Unless you’ve been hidden under a rock you have probably heard or noticed that almost every major insurance carrier uses a credit rating when calculating insurance premiums. Different carriers use this information to different degrees but almost all of them use a credit based insurance score in some way.
I found a very informative article from Mint.com that explains their rationale and it’s not the reasons you’d immediately think.
“Insurance companies have the same issues lenders have: understanding the risk of doing business with certain consumers. It’s not necessarily the risk of being paid or not being paid for their services (premiums). It’s more so the risk of providing a policy for someone who is more likely to file claims and thus be a less profitable customer. It’s all about the money.”
Sadly, insurance companies are not charities but do exist as a profit seeking business. The sole responsibility of an actuary is to find a correlation between individual characteristics and the likelihood to file a claim. Over time that correlation has been found between credit and likelihood to file a claim.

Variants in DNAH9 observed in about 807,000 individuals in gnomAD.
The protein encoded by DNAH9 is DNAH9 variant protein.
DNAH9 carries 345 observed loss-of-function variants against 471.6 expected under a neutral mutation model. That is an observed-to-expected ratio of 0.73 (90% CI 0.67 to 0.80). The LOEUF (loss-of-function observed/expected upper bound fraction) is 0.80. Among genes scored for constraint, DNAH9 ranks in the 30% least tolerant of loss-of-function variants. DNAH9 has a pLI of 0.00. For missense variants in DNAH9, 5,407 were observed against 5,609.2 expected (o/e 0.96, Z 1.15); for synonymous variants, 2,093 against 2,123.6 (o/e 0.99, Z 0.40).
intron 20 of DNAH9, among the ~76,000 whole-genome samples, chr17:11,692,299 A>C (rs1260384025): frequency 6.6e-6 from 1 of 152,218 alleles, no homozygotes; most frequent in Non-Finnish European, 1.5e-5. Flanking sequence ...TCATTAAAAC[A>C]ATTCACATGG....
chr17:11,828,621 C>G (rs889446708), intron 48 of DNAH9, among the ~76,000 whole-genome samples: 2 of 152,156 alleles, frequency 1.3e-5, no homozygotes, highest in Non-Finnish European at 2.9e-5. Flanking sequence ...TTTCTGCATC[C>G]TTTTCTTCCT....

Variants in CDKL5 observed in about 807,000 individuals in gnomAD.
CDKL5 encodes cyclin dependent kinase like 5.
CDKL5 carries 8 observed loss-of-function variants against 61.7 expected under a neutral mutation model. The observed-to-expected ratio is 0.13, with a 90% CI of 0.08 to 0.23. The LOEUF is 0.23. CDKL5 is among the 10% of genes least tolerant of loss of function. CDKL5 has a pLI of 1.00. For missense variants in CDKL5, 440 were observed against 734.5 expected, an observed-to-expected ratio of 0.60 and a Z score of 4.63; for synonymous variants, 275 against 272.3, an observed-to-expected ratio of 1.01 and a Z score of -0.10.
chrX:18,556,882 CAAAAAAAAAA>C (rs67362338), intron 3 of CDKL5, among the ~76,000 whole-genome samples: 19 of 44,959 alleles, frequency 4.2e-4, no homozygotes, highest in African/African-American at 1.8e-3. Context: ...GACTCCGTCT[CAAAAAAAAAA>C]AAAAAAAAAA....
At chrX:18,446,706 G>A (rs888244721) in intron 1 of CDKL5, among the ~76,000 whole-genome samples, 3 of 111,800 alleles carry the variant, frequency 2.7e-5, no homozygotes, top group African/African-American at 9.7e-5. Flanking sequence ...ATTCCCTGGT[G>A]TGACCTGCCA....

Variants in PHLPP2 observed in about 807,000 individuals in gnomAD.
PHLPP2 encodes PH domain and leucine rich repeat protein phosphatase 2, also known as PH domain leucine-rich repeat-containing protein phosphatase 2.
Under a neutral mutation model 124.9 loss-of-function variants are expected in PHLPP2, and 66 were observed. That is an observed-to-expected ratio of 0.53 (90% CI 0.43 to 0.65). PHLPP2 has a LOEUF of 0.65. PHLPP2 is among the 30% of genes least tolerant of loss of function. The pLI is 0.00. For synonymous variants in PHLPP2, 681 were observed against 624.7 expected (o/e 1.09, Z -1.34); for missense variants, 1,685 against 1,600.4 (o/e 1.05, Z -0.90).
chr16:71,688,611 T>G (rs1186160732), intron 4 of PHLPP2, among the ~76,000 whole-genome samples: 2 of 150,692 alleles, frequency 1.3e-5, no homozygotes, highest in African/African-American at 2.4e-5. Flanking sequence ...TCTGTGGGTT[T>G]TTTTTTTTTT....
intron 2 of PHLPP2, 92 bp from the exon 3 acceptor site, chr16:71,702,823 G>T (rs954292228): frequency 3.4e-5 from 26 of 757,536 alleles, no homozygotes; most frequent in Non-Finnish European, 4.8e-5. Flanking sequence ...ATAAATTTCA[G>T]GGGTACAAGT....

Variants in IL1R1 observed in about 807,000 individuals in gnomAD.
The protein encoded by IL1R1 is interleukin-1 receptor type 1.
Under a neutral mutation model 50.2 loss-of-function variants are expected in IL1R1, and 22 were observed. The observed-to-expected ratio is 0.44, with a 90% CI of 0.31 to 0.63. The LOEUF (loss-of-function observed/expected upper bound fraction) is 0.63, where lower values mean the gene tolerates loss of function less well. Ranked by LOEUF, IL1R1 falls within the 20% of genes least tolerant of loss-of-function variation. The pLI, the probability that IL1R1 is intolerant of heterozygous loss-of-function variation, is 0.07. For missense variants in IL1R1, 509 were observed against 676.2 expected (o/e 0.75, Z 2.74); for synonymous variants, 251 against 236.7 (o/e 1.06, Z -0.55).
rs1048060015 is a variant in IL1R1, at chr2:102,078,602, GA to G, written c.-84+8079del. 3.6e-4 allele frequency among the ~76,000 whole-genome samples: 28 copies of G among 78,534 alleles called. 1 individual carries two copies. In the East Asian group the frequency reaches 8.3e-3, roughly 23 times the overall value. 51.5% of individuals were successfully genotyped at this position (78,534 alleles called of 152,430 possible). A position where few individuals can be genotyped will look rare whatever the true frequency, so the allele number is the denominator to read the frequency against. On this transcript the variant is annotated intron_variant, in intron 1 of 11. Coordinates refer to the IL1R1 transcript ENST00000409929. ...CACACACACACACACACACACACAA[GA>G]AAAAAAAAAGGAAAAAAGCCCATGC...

“Determining whether or not you’ll pay your premiums is not the primary reason some of them pull your credit reports and credit scores. The primary reason is to determine if they even want to do business with you and/or under what terms. Despite what many believe, how you manage your credit is very predictive of what kind of insurance customer you’ll be. It’s predictive not only of your likelihood of filing claims but also predictive of how profitable you’ll be. If it weren’t, insurance companies wouldn’t spend the money buying millions of credit reports and scores each year.”